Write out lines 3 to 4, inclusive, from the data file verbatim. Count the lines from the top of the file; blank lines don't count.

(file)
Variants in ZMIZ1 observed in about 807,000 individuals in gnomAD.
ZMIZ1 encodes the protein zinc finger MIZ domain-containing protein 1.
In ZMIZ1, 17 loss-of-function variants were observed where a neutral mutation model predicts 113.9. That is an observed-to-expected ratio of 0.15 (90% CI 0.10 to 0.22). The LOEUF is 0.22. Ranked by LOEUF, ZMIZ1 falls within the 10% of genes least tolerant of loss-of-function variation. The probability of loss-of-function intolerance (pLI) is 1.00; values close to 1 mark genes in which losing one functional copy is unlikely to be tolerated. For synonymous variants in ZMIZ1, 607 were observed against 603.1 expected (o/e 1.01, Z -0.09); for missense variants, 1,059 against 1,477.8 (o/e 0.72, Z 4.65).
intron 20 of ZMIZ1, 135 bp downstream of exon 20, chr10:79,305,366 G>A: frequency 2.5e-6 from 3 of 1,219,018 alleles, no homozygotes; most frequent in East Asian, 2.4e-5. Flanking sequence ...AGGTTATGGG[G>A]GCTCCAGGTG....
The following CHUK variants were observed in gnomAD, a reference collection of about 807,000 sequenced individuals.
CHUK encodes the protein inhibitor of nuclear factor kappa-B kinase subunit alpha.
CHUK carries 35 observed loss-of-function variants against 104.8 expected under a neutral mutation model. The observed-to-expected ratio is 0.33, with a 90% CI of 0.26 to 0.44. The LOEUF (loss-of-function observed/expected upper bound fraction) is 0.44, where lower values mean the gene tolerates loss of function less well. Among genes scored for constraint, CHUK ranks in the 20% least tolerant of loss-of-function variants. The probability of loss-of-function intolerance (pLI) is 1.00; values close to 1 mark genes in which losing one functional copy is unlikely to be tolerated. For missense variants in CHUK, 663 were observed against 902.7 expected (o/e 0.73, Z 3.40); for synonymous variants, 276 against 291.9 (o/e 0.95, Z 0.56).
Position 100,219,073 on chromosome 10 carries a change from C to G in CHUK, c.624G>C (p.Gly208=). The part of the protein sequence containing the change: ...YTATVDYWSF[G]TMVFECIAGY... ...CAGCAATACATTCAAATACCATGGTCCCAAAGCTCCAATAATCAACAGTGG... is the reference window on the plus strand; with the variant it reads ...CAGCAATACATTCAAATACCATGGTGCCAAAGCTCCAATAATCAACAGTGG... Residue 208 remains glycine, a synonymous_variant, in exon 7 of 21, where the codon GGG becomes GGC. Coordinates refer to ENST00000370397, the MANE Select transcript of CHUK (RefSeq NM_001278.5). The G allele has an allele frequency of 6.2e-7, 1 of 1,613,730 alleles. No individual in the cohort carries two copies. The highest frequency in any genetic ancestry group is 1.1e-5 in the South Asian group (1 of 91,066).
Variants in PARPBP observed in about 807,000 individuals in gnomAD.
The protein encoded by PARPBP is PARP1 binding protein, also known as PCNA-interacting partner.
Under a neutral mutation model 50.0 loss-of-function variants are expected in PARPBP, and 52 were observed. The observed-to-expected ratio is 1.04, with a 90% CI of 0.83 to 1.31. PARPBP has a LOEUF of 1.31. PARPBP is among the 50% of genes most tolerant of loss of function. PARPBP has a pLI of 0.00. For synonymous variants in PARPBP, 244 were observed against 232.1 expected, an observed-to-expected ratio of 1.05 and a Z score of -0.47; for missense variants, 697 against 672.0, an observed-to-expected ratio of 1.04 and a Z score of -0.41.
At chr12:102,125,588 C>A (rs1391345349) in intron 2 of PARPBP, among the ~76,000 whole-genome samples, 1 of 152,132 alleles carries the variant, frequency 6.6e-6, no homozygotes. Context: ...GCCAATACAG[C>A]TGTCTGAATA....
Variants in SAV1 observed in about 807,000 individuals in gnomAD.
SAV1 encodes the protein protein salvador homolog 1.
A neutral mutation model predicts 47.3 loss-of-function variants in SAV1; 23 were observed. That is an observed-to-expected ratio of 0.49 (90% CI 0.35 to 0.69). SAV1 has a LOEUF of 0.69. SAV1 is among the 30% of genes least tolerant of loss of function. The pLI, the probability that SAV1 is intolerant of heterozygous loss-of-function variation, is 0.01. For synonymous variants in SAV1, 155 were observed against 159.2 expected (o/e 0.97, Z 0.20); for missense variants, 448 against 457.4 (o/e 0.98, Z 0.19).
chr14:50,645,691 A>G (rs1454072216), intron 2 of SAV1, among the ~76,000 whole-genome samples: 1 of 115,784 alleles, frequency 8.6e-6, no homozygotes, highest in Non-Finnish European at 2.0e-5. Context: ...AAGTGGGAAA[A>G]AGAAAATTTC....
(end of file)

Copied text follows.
In ZMIZ1, 17 loss-of-function variants were observed where a neutral mutation model predicts 113.9. That is an observed-to-expected ratio of 0.15 (90% CI 0.10 to 0.22). The LOEUF is 0.22. Ranked by LOEUF, ZMIZ1 falls within the 10% of genes least tolerant of loss-of-function variation. The probability of loss-of-function intolerance (pLI) is 1.00; values close to 1 mark genes in which losing one functional copy is unlikely to be tolerated. For synonymous variants in ZMIZ1, 607 were observed against 603.1 expected (o/e 1.01, Z -0.09); for missense variants, 1,059 against 1,477.8 (o/e 0.72, Z 4.65).
intron 20 of ZMIZ1, 135 bp downstream of exon 20, chr10:79,305,366 G>A: frequency 2.5e-6 from 3 of 1,219,018 alleles, no homozygotes; most frequent in East Asian, 2.4e-5. Flanking sequence ...AGGTTATGGG[G>A]GCTCCAGGTG....